By the time this is published the new curator of modern and contemporary art at the Blanton Museum may have been announced. I was told last week that an offer has been accepted. I don’t know who the new curator will be, but the director of the Blanton, Simone Wicha, has assured me that, “Curators are vital at the Blanton.” This is a relief to hear since the Blanton has been without a curator of modern and contemporary art since Annette DiMeo Carlozzi left the post some three years ago to act as deputy director of art and programs of the museum. She is still listed as a “Curator-at-Large” on the Blanton website, but just look at the list! It’s a veritable ghost town in the curatorial department. Risa Puleo left her post as assistant curator of modern and contemporary art this summer, following in the footsteps of senior curator of European art, Jonathan Bober, and Ursula Davila-Villa, interim curator of Latin American art.
Museums often have a lot of turn-over in the curatorial department and certainly the Blanton is no exception. However, I have recently begun to wonder how art museums currently view the role of the curator. It was, after all, not that long ago that Arthouse dismissed its curator, Elizabeth Dunbar supposedly due to budgetary problems. At the time the institution stated that it would not hire another curator but, instead, relied on its “junior curators” and then director Sue Graze to sustain its programming (with the joining of Arthouse and AMOA, curators are now firmly in place). The Visual Arts Center on the UT campus is also without a curator, employing graduate students, faculty, and independent curators (myself included) to curate exhibitions (surely a more financially adventitious plan than a full-time hire). And just this month the Museum of Latin American Art in Long Beach, California laid off its chief curator citing, again, budgetary problems. Is this sequence of events simply due to the recession? Possibly. But even so, it signals a trend that leads to an even larger question: Just how important are curators to institutions?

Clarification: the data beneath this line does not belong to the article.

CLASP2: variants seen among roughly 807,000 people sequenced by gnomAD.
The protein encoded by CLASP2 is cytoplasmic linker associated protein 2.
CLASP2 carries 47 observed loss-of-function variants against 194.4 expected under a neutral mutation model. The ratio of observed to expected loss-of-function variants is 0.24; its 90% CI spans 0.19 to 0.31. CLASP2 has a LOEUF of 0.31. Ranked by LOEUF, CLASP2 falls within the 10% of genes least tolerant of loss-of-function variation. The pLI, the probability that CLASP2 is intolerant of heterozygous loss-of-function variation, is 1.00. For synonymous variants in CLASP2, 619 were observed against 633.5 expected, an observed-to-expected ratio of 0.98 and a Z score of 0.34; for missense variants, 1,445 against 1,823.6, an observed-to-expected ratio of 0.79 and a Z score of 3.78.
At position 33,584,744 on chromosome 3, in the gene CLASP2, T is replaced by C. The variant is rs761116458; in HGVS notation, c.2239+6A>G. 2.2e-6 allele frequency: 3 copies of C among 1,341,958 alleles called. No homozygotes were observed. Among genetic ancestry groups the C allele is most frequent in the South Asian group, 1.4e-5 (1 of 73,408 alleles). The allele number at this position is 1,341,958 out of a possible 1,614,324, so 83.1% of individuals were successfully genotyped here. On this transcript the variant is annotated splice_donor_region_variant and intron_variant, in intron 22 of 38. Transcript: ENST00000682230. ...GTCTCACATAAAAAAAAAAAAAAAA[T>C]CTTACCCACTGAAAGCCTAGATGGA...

As a curator just out of a PhD program and looking for a job, this question feels particularly pertinent. Is it possible that the role of the curator is becoming obsolete? When a museum must tighten its belt, are curators the first to go? If so, it is to the detriment of not only the institution but also, I feel, of the very practice of art.
We must remember that museums are not businesses. Art is not a commodity with a “use value” or an “exchange value.” This is what makes art so crucial to culture. In fact, it was Adorno who argued that it was against a business ethic that art emerged, developing “in the loopholes of poverty and isolation, as counter-balance against the business culture which tends to cover the whole world.”
Curators are the people who guide institutions, they are the ones who protect and grow a collection. We hire curators because they have a particular vision and they are able to create a context for that vision. Great curators like Alanna Heiss and Lynn Cooke and Lucy Lippard and Hamza Walker contribute to our understanding of art of our time and through history. Curators are culture makers, and as such, I can’t help but feel that they are necessary. I’m so glad the Blanton agrees.
Editor’s note: We received the following statement/clarification from the Blanton.
“Annette DiMeo Carlozzi has overseen numerous Blanton exhibitions since her transition to Deputy Director of Art and Programs in 2010, and continues to develop projects in her new role as Curator at Large — including the upcoming Through the Eyes of Texas: Masterworks from Alumni Collections, scheduled for spring 2013. Last June, Francesca Consagra, a distinguished leader in her field, joined the Blanton as senior curator of prints, drawings and European paintings, and Colette Crossman was promoted to curator of exhibitions. A search for a curator of Latin American art is currently underway.
In addition to supporting the many projects organized by its talented curatorial staff, the Blanton has a long history of working with distinguished local and national guest-curators, and takes pride in helping to prepare the next generation through a graduate internship program that pairs UT students with curators.”